South American sea lions foraging Uruguay
Federico Riet Sapriza, Proyecto Pinnípedos
Riet Sapriza, F. 2013. South American sea lions foraging Uruguay. Data downloaded from OBIS-SEAMAP (http://seamap.env.duke.edu/dataset/897) on yyyy-mm-dd.
Halpin, P.N., A.J. Read, E. Fujioka, B.D. Best, B. Donnelly, L.J. Hazen, C. Kot, K. Urian, E. LaBrecque, A. Dimatteo, J. Cleary, C. Good, L.B. Crowder, and K.D. Hyrenbach. 2009. OBIS-SEAMAP: The world data center for marine mammal, sea bird, and sea turtle distributions. Oceanography. 22(2):104-115.
Resource competition between fisheries and marine mammal continue to raise concern worldwide. Understanding this complex conflict requires data on spatial and dietary overlap of marine mammal and fisheries. In Uruguay, the South American sea lions population has been dramatically declining over the past decade. The reasons for this population decline are unknown but may include the following: (1) direct harvesting; (2) reduced prey availability and distribution as a consequence of environmental change; or (3) biological interaction with fisheries. This study aims to determine resource overlap and competition between South American sea lions (SASL, Otaria flavescens, n=10) and the artisanal fisheries (AF), and the coastal bottom trawl fisheries (CBTF). We integrated data on sea lions diet (scat analysis), spatial and annual consumption estimates; and foraging behavior-satellite-tracking data from lactating SASL with data on fishing effort areas and fisheries landings. We found that lactating SASL are benthic divers and forage in shallow water within the continental shelf. SASL's foraging areas overlapped with CBTF and AF fisheries operational areas. Dietary analysis indicated a high degree of overlap between the diet of SASL and the AF and CBTF fisheries catch. The results of our work show differing degrees of spatial resource overlap with AF and CBTF, highlighting that there are differences in potential impact from each fishery; and that different management/conservation approaches may need to be taken to solve the fisheries-SASL conflict.
In this study we hypothesized that the biological interaction between SASL and fisheries may create sub-optimal foraging conditions for lactating females breeding in Isla de Lobos the second largest breeding colony. The objectives of the present study were as follows: (i) to examine the diving behavior of lactating SAS, (ii) to determine the spatial distribution of foraging effort of lactating SASL, (iii) to study the diet of lactating SASL, and (iv) to integrate these data with information of spatial distribution of fishing catch and effort to quantify the trophic and spatial overlap between SASL and the Uruguayan artisanal and coastal bottom trawl fisheries.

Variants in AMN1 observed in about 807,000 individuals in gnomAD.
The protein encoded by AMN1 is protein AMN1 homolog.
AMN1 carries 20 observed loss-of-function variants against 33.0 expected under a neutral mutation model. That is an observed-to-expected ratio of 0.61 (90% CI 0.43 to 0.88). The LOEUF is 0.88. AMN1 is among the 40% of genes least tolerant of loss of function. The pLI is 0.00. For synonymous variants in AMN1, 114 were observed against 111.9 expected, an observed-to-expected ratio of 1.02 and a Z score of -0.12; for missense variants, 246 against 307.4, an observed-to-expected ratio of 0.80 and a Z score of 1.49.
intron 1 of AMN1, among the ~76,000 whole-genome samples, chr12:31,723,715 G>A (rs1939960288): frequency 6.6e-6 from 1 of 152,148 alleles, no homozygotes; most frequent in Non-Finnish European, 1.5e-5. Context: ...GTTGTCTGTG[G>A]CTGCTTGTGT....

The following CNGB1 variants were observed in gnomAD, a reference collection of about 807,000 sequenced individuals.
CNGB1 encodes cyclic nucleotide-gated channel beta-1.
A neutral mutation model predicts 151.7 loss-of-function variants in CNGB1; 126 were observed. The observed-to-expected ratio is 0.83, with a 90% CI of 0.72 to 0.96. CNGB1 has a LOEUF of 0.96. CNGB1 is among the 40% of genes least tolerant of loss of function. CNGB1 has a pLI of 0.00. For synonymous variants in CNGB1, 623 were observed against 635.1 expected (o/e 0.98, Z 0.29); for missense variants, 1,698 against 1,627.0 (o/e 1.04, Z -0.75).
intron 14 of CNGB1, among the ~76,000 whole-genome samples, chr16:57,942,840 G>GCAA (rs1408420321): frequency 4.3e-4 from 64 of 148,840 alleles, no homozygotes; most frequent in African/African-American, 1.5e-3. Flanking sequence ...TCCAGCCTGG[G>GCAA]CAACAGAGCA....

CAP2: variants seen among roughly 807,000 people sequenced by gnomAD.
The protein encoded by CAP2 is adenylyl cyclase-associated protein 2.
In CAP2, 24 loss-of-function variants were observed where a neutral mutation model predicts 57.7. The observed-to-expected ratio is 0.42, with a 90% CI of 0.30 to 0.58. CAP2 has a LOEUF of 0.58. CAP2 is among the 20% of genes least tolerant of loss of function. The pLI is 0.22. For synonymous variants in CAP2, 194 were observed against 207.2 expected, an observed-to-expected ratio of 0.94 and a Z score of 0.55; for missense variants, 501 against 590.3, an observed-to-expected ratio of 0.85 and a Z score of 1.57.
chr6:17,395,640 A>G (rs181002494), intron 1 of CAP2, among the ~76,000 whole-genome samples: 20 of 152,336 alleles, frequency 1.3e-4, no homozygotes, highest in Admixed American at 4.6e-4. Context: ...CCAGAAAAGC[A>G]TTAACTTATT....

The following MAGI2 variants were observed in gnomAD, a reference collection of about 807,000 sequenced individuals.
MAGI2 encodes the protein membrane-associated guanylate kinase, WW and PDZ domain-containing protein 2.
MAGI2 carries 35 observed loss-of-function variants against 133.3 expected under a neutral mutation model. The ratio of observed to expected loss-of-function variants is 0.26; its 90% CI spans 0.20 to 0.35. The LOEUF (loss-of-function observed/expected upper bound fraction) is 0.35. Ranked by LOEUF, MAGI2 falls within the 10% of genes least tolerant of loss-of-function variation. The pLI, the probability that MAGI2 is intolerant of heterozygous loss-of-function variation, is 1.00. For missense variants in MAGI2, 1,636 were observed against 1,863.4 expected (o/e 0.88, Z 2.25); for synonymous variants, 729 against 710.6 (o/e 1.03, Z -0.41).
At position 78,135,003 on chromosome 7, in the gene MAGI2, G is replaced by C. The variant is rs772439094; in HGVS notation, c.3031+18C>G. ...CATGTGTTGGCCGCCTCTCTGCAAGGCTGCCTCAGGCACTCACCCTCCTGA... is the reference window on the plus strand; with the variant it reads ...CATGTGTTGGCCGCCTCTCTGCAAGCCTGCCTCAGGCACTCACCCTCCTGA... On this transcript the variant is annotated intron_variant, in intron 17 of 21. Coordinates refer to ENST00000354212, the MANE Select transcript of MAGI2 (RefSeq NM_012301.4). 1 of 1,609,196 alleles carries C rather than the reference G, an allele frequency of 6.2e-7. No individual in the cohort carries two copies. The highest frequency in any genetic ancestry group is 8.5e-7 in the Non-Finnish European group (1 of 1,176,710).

This research was funded by the US Marine Mammal Commission under the Grant no. E4047335 and the Office of Naval Research Grant N00014-08-1-1195, the E&P Sound and Marine Life Joint Industry Project of the International Association of Oil and Gas Producers.
We would like to thanks Nelson Veiga, José Luis Veiga, Gabriel Pereyra, Leonardo Olivera, D.J. Shuman, H. Katz, R. Frau, S. Tavoni, M. García, M. Rivas for their invaluable assistance and collaboration during the field work. We are also thankful to C. Leiza (Parque Zoológico Lecoq, Uruguay) for providing tranquilizing darts dart, and the Marine Mammal Center (Sausalito, California, USA) for lending the capture nets. We would like to acknowledge the logistical support of DINARA. The present work was conducted under the permit #572/208 approved by DINARA (National Administration of Aquatic Resources), Ministry of Livestock, Agriculture and Fisheries, Uruguay.
Riet-Sapriza, F.G., D.P. Costa, V. Franco-Trecu, Y. Marín, J. Chocca, B. González, G. Beathyate, B.L. Chilvers and L.A. Hückstadt. 2013. Foraging behavior of lactating South American sea lions (Otaria flavescens) and spatial–temporal resource overlap with the Uruguayan fisheries. Deep-Sea Research Part II-Topical Studies in Oceanography.
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This section explains attributes included in the original dataset. OBIS-SEAMAP restricts the attributes available to the public to date/time, lat/lon and species names/counts only. Should you need other attributes described here, you are encouraged to contact the data provider.
Attributes in dataset provided
|Rays and sharks||0|
|Latitude||-36.13 - -34.89|
|Longitude||-55.62 - -53.85|
|Coord. prec.||3 decimal digits|
|Data type||Telemetry location|
|Tracklines||YES (ID: 898)|
|Sharing policy||Permission required|
|Also availalbe from||None|
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